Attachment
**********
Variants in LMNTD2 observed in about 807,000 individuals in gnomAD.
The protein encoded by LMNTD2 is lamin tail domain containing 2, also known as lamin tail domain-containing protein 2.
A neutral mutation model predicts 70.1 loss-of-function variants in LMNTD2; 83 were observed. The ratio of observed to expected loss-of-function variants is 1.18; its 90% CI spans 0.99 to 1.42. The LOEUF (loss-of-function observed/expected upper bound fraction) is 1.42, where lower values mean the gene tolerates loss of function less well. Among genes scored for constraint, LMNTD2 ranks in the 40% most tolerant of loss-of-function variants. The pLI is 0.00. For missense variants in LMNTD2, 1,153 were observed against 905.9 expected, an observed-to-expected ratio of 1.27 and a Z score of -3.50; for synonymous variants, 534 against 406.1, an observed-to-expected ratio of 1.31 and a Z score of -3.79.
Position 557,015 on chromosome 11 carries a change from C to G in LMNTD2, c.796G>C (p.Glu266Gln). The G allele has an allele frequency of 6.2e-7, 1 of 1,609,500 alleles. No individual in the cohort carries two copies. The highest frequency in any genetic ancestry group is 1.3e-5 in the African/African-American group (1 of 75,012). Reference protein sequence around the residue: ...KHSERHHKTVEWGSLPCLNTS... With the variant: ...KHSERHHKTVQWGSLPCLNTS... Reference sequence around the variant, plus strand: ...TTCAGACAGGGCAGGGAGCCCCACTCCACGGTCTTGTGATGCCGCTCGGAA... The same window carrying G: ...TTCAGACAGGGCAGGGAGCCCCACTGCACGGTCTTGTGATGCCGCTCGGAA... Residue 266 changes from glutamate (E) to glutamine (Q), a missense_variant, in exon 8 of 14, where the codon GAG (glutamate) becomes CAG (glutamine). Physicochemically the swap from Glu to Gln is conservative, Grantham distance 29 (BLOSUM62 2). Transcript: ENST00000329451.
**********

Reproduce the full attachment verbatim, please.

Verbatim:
Variants in LMNTD2 observed in about 807,000 individuals in gnomAD.
The protein encoded by LMNTD2 is lamin tail domain containing 2, also known as lamin tail domain-containing protein 2.
A neutral mutation model predicts 70.1 loss-of-function variants in LMNTD2; 83 were observed. The ratio of observed to expected loss-of-function variants is 1.18; its 90% CI spans 0.99 to 1.42. The LOEUF (loss-of-function observed/expected upper bound fraction) is 1.42, where lower values mean the gene tolerates loss of function less well. Among genes scored for constraint, LMNTD2 ranks in the 40% most tolerant of loss-of-function variants. The pLI is 0.00. For missense variants in LMNTD2, 1,153 were observed against 905.9 expected, an observed-to-expected ratio of 1.27 and a Z score of -3.50; for synonymous variants, 534 against 406.1, an observed-to-expected ratio of 1.31 and a Z score of -3.79.
Position 557,015 on chromosome 11 carries a change from C to G in LMNTD2, c.796G>C (p.Glu266Gln). The G allele has an allele frequency of 6.2e-7, 1 of 1,609,500 alleles. No individual in the cohort carries two copies. The highest frequency in any genetic ancestry group is 1.3e-5 in the African/African-American group (1 of 75,012). Reference protein sequence around the residue: ...KHSERHHKTVEWGSLPCLNTS... With the variant: ...KHSERHHKTVQWGSLPCLNTS... Reference sequence around the variant, plus strand: ...TTCAGACAGGGCAGGGAGCCCCACTCCACGGTCTTGTGATGCCGCTCGGAA... The same window carrying G: ...TTCAGACAGGGCAGGGAGCCCCACTGCACGGTCTTGTGATGCCGCTCGGAA... Residue 266 changes from glutamate (E) to glutamine (Q), a missense_variant, in exon 8 of 14, where the codon GAG (glutamate) becomes CAG (glutamine). Physicochemically the swap from Glu to Gln is conservative, Grantham distance 29 (BLOSUM62 2). Transcript: ENST00000329451.